Gucci Mane, Trap Music, and The University of Iowa

Written by Ansel Bare

A weekend stroll down any given street within a six-block radius of the University of Iowa would most probably entail hearing soft echoes of loud music and partying. Hip hop lyrics being chanted by a population of college students with a taste for domestic beer and Hawkeye vodka, the like of which might feel akin to a connoisseur of sports, music and hookups, among other finer things. Into the epicenter of student leisure, a passerby could observe a bumble of drunken and excited young adults hollering aloud the hooks of "God’s Plan" by Drake or hear the beat of Offset & Metro Boomin’s ”Ric Flair Drip" emanating from local bar fronts, the sounds of Ped Mall nightlife meshing into one.

To older folks like my pleasant and well-mannered parents, aged seventy and seventy-one, a contemporary scene of off campus partying might seem overwhelming compared to the civil rights era merrymaking of their college days at U-W Platteville. Of course, collegiate traditions have been passed down for generations and student partying and bar going in 2018 is the descendent of that same rebellious lifestyle recognized half a century ago. However, one thing I can say with certainty to my parents is that, the incorporation of hip hop, namely "trap music," would sound equal parts alien as abrasive, the nature of which is not relatable to their reminisces of house parties in their day.

But what exactly is trap music and how did it find itself recognized by the mainstream are questions that could find their answers by traveling back in time to the city of Atlanta, Georgia, about thirty years ago. So, let's take an excursion down a much different street, one unrecognizable to that of a college town in Iowa.

Picture this: a crime epidemic fueled by the War on Drugs and an entire history of political injustices carried out by local, state, and federal governments and borne by people of color, had ravaged the city of Atlanta by the 1970s. Into the 90s, rapes and robberies occurred at such a high rate that many such crimes went unreported. Inner city streets where poor education, poverty, and lack of upward social mobility were commonplace, had given way to massive grids of pavement on which a plethora of illicit activity thrived as a means of survival in desperation. Houses left vacant on blocks which had been losing residents for two decades manifested in drug activity; the drug house's regular flow of addicts, seeking sedative relief from hard years and burdensome lives, 'trapped' in their ways. Thus, the establishment received its common term, "trap house."

A product of these same streets, a new type of hip hop that would come to be characterized by its fast-paced high-hat subdivision, booming bass, shady demeanor, and emphasized by gritty lyricism resembling snapshots of urban lawlessness, had begun to take shape. Atlanta rap groups such as Outkast and Ghetto Mafia began to incorporate lyrics depicting the dangerous, organized, low-profile measures taken to win bread in their city, which embodied the trap house and the hustlers' lifestyle that came with it. By the early 2000s, trap music was a new hip hop sub-genre awaiting its chance to take the stage of a larger audience whose craze would one day change the very nature of the beast.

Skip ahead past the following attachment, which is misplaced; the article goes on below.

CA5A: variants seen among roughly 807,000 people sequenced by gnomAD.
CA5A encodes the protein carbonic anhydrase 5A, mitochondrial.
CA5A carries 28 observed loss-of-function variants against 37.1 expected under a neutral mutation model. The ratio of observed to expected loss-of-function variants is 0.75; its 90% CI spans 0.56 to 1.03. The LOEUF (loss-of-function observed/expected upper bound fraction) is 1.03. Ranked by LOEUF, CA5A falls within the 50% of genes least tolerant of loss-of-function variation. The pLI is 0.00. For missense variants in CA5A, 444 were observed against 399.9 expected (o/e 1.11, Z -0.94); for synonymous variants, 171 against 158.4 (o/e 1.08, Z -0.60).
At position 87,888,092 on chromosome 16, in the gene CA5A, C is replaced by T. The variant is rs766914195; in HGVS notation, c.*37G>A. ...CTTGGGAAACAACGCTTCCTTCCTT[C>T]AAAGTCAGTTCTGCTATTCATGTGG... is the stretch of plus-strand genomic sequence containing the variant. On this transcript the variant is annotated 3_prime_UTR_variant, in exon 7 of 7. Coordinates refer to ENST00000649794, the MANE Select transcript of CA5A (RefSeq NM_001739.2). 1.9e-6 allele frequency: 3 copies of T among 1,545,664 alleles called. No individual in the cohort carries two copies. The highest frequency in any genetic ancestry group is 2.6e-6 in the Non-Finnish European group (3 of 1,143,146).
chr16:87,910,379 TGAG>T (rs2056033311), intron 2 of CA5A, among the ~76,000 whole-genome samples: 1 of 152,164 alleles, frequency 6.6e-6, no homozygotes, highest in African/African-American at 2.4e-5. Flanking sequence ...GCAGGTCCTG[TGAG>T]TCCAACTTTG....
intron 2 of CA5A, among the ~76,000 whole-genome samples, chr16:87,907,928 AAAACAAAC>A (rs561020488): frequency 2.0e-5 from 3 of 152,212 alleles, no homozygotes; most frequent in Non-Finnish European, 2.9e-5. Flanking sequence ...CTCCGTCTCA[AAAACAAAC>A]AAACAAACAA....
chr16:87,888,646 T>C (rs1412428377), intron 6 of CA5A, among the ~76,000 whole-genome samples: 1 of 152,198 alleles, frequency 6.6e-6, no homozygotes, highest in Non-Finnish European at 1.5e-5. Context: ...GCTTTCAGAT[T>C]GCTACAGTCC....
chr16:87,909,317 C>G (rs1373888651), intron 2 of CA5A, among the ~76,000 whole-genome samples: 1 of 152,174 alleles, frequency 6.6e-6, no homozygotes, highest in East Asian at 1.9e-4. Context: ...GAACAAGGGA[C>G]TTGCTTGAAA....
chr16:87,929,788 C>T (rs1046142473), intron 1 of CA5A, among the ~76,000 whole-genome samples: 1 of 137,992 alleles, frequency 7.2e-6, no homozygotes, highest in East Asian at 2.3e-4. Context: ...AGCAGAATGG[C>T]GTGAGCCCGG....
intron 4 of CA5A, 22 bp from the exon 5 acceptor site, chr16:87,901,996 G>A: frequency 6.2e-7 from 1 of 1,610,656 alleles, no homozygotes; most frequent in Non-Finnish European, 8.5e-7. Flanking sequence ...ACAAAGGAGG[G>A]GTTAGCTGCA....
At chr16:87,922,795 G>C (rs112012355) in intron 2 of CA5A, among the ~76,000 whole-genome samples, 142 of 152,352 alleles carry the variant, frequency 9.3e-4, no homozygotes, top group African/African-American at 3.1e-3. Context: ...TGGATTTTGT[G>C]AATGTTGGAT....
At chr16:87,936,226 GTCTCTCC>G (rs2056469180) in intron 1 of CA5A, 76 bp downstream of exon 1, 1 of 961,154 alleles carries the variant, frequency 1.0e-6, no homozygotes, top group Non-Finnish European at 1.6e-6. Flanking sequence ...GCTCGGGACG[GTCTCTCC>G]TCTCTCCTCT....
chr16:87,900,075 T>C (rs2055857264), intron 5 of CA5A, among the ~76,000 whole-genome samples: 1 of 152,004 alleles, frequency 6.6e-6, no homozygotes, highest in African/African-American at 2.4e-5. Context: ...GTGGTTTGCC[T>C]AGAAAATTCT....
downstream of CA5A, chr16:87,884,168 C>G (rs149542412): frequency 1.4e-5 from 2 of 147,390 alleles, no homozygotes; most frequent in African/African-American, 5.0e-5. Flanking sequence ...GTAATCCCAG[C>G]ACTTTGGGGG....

Enter Radric Davis, recent college expellee and part-time drug dealer with a family tradition of hustling.
Radric Davis' grandfather served it the Second World War. A clean dresser and sharp man, Ralph Dudley Sr. acquired bourgeois tastes in European designer brands, and while overseas had earned his nickname, 'the Gucci man.' Ralph Dudley Jr., Radric's father, was likewise a smart man who sported cool fits and old southern charm. In his cleverness, Ralph Jr. dealt with unvirtuous ways of money-making through swindling and tricking, fleeing on drug charges before the birth of his son who would take his mother's maiden name. Vicky Davis, Radric's mother, was an educated woman with a teaching degree who moved her two sons from small-town Bessemer, Alabama with its quiet streets, seeking opportunity in Atlanta, Georgia, circumstantially residing by its crime-infested ones. While growing up in East Atlanta, young Radric received good grades in school and found a passion for poetry whilst becoming enthralled by hip hop artists of his time.

However, the influence of East Atlanta's crime culture paired with that of his father who intermittently visited, and kids who his older brother ran with, began to rub off on malleable Radric. By the eighth grade, Radric heeded money that he'd grown up without and expanded his dealings from selling marijuana to cocaine.

Radric Davis was expelled from Georgia Perimeter College in 2001 on the grounds of drug possession, and after his first arrest that same year he had decided that he needed to change his lifestyle. Davis had already been in and out of studios, making some extra cash writing raps with the intention of one day becoming a rap manager. After his sixty-seven-day suspension in Fulton County Jail, a friend introduced Davis to a local up and coming producer known by his alias, Zaytoven, who convinced Davis to try his own rapping. Radric was a big fan of rap growing up and was influenced by names like Master P, Eazy E, J Prince, and Mannie Fresh. But knowing he couldn't rap about the same lavish lifestyles of his idols who drove luxury sports cars, Davis rapped to inspire those in his neighborhood who drove Chevy Impalas and Cutlass Supremes: trap music.

Davis began to spend every day in the studio with Zaytoven, recording countless verses with a group of neighborhood rappers who called themselves "Home Grown." Davis marketed his first CD, "Str8 Drop Records Presents, Gucci Mane, La Flare." The family name passed on to his father from his grandfather became his pseudonym, and with all of its Alabama country flavor, Radric Davis became "Gucci Mane." Gucci started distributing posters and hustled his CD as a package deal with the dope he was still selling to finance his rap endeavors, until his music spread from Atlanta throughout Georgia.